The newly-launched eFREIGHT 2030 trial will see electric HGVs pushed to their limit and prove they have place in logistics fleets in the next decade, believes the project’s planning software provider Dynamon.

The newly-launched eFREIGHT 2030 trial will see electric HGVs pushed to their limit and prove they have place in logistics fleets in the next decade, believes the project’s planning software provider Dynamon.

The eFREIGHT 2030 project is the most ambitious trial of its type to date, Dynamon claims. It is intended to demonstrate what electric HGVs can do in real world conditions by taking on roles that diesel trucks usually complete and illustrating a business case for their use, as well providing a publicly accessible network of 1MW eHGV charging hubs across the country.

Funded by the Department for Transport in partnership with Innovate UK, the £63million trial involves a consortium of fleet operators including Expect Distribution, Kuehne+Nagel, Maritime Transport, Menzies Distribution, Welch’s Transport and Wincanton Group, retailer Marks & Spencer, vehicle manufacturers DAF Trucks, Renault Trucks and Scania Trucks, with charging infrastructure providers Voltempo Group and Fleete Group.

Dynamon is providing the software which will allow all other partners to put the right components in place over the next 18 months before the on-the-road trials begin, including installing chargepoints in the correct place, choosing the right tractors and trailers, planning routes and identifying suitable work schedules.

It will see zero emission trucks working in front line roles, and Dynamon’s CEO Angus Webb says its ZERO software will ensure operators will be able to confidently put e-HGVs on the road and not only replace diesel, but do so within acceptable operational, cost and scheduling parameters.

“This isn’t about giving electric HGVs easy routes and light schedules for demonstration purposes,” said Webb. “It is about stress testing them in hard working environments in which they will have to deliver results. The trial will prove what happens when you max out e-HGVs on a daily basis.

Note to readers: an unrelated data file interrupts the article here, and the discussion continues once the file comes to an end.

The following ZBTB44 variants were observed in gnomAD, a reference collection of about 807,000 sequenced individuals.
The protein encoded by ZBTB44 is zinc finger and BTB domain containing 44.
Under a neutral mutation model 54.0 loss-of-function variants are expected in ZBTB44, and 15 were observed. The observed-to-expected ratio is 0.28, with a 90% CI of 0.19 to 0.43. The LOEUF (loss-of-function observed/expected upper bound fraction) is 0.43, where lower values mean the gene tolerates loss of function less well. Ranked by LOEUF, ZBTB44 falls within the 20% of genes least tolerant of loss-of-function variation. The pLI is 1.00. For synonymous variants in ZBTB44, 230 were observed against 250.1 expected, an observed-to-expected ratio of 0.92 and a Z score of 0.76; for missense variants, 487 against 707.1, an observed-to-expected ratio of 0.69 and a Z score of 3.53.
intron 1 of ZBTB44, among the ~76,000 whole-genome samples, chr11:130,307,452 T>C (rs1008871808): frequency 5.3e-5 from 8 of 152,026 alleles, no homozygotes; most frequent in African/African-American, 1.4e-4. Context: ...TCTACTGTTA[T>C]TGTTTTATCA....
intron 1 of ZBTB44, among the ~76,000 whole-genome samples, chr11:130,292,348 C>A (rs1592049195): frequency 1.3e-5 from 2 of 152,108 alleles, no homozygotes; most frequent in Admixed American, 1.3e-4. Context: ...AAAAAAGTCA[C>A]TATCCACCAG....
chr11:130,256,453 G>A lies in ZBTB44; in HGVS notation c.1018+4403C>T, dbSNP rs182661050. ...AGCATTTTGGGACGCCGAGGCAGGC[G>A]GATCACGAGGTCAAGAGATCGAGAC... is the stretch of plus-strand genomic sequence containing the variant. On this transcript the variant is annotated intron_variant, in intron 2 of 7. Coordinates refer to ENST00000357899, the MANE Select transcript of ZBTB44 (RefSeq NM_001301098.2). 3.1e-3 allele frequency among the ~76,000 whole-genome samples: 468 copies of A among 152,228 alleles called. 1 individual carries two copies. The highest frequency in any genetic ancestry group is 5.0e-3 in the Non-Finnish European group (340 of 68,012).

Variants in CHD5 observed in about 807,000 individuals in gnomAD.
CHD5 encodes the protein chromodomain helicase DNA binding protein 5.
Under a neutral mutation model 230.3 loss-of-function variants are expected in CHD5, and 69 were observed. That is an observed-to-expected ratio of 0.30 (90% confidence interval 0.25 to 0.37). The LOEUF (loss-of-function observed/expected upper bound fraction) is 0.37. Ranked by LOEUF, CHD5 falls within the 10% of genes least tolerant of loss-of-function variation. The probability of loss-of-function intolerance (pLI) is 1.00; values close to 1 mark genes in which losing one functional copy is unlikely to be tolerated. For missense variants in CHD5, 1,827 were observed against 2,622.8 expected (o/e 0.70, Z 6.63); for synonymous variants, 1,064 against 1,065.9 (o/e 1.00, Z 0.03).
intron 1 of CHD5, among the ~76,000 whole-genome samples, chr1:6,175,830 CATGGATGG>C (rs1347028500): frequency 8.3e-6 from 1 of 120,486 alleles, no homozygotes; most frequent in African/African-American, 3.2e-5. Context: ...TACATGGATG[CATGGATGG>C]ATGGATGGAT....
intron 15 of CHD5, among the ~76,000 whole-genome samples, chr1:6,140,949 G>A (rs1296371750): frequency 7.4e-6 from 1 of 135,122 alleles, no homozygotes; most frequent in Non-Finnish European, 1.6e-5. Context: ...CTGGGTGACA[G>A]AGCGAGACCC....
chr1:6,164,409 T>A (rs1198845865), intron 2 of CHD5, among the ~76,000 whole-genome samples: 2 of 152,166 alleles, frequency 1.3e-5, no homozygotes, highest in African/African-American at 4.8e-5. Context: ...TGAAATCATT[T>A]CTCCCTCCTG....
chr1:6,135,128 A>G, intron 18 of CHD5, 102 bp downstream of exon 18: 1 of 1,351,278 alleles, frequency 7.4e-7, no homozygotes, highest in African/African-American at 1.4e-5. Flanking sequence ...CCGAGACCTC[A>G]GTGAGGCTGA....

“Because of that, a huge amount of planning needs to go into this project so that when they hit the road, they are maximised in terms of their performance, that the operators have the right HGV configuration for the role, and the infrastructure is in place to support them and get the job done.

“That’s where Dynamon comes in: our software can help our partners to plan exactly every element so they can push these trucks as hard as possible, and prove that when the correct strategy and support is in place, electric can work cost-effectively.”

Although the full roll out of e-HGVs in the trial happens in 2026, the next 18 months will see Dynamon working with partners to model scenarios and infrastructure needs, while some of the electric trucks are put on the road in a soft launch to provide data and insight.

“When you consider the challenges around infrastructure, there is not long before this trial is fully up and running. We need to ensure in the planning and ramp up stage that no effort is wasted. For example, there will be depots which are just not feasible to be electrified to the level required in the time and so we must identify sites which are suitable,” said Webb.

“ZERO software can do this, and we are very confident that by 2026 we will be seeing significant numbers of zero emission trucks working hard on UK roads, proving that decarbonisation and electrification can work for the HGV freight sector.”

ENDS

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Julian Kirk                                                                    Steve Moody

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